Magliari says BNSF Railway, which owns the tracks, runs only slower-speed freight trains and doesn’t need to keep the track up to high-speed standards.
    Magliari said Amtrak is discussing funding for repairs in southern Colorado and northern New Mexico with state officials and BNSF.
    A BSF spokesman didn’t immediately return a call.

  • 'Los Alamos Monitor' hires new publisher

    The Los Alamos Monitor has a new publisher.
    Landmark Community Newspapers, LLC, which owns the Monitor, announced that David Puddu is the new publisher effective Monday.
    “I look forward to serving our region with fair, accurate, objective, timely and complete journalism, as well as providing our customers with results-based advertising solutions across all platforms,” Puddu said.
    Puddu holds Journalism and Advertising/Marketing degrees from the University of Nebraska where he also played some football.
    He has held numerous general manager and publisher positions. In his most recent position Puddu worked 12 years as publisher of three weekly newspapers in central New Mexico.
    Puddu plans to move to the area from Belen with his wife Deborah and their children (Lana, Sophia and Noah).
     

  • Update 09-10-14

    Film series

    Atomic Film Festival presents “Atomic Filmmakers: Hollywood’s Secret Film Studio.” 7 p.m. Thursday at Fuller Lodge. Free.

    Assets

    September is Assets Month and local businesses are asked to collect change throughout the month to assist with a variety of youth building programs, including the annual Community Assets Award. Those willing to host a can should call 695-9139.

    Donations

    Los Alamos Middle School is interested in your donations of bagged soil or compost for multiple garden projects at the school. Donations can be left at the main office and large donations can request a pick up by calling 663-3252.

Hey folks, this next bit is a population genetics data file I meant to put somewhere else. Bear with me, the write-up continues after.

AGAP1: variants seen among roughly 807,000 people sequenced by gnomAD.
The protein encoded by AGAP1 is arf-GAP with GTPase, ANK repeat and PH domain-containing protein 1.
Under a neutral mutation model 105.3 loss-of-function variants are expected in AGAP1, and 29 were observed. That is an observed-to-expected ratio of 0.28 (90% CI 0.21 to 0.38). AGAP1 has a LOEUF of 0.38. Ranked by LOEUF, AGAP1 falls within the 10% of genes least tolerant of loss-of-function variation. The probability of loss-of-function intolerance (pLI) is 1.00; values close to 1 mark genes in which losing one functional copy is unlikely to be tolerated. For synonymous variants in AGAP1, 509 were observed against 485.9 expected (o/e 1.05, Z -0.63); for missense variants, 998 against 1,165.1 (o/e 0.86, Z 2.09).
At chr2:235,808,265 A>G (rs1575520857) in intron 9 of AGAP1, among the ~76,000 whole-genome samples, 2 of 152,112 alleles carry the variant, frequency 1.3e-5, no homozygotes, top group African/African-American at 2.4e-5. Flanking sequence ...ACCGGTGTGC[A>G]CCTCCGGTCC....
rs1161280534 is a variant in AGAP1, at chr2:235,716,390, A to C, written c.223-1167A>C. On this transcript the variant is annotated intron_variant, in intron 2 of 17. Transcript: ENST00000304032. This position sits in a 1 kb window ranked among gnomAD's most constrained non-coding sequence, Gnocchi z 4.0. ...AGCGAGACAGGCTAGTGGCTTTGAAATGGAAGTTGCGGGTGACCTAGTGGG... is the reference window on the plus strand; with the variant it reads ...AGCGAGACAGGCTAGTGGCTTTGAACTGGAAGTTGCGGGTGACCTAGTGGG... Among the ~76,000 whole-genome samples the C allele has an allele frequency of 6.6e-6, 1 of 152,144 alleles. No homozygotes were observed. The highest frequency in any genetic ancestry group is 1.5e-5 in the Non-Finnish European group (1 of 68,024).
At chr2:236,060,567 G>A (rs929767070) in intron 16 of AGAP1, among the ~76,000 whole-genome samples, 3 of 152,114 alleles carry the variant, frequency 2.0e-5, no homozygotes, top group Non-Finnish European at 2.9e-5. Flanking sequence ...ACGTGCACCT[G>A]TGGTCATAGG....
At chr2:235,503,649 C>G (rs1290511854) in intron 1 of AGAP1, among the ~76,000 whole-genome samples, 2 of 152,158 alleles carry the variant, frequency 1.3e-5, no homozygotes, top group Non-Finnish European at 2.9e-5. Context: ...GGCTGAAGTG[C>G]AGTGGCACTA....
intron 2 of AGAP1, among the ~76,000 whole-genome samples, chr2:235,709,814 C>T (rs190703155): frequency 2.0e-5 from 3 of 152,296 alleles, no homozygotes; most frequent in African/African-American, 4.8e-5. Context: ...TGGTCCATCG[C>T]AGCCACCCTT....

Parks and Rec

    The Los Alamos Parks and Recreation Board will meet at 5:30 p.m. Thursday at the Municipal Building.

    Farmers Market

    Los Alamos Farmers Market. 7 a.m. to 12:30 p.m. Thursday at the Mesa Public Library parking lot. Challahs will be available in Amy Shure Bakery Booth and will be taking orders aw well at aimiam@aol.com. Mendez Produce is the featured vendor of the week. All contest winners were sent an email, pick up gift certificates at information booth.  

  • Project Lunchbox feeds middle school children

     Studies show that hungry children can’t learn. Children who miss meals are unable to concentrate, have poor academic performance and suffer from headaches and stomachaches as well as more serious diseases.
    Project Lunchbox, a Unitarian Church of Los Alamos volunteer program, is providing lunches for Los Alamos Middle School children unable to afford them.
    Unlike the elementary schools, the middle school and high school are not able to take advantage of the National School Lunch Program, which provides free and reduced cost lunches to low income students. According to Middle School Clinical Councilor Jennifer Neil, that is because those age groups are not satisfied with a one-choice entrée such as that served in the elementary schools.
    That entrée meets NSLP’s nutritional requirements. But LAPS’ lunch vendor, Summit Foods, provides a choice of items for the older students, making those lunches ineligible for NSLP funding.
    Project Lunchbox bears many similarities to Aaron’s Kids, a program under the auspices of the First United Methodist Church that provides lunches for high school students (see “Poverty strikes close to home for kids, families,” Aug. 5). Aaron’s Kids was also providing lunches for the middle school until Project Lunchbox was founded.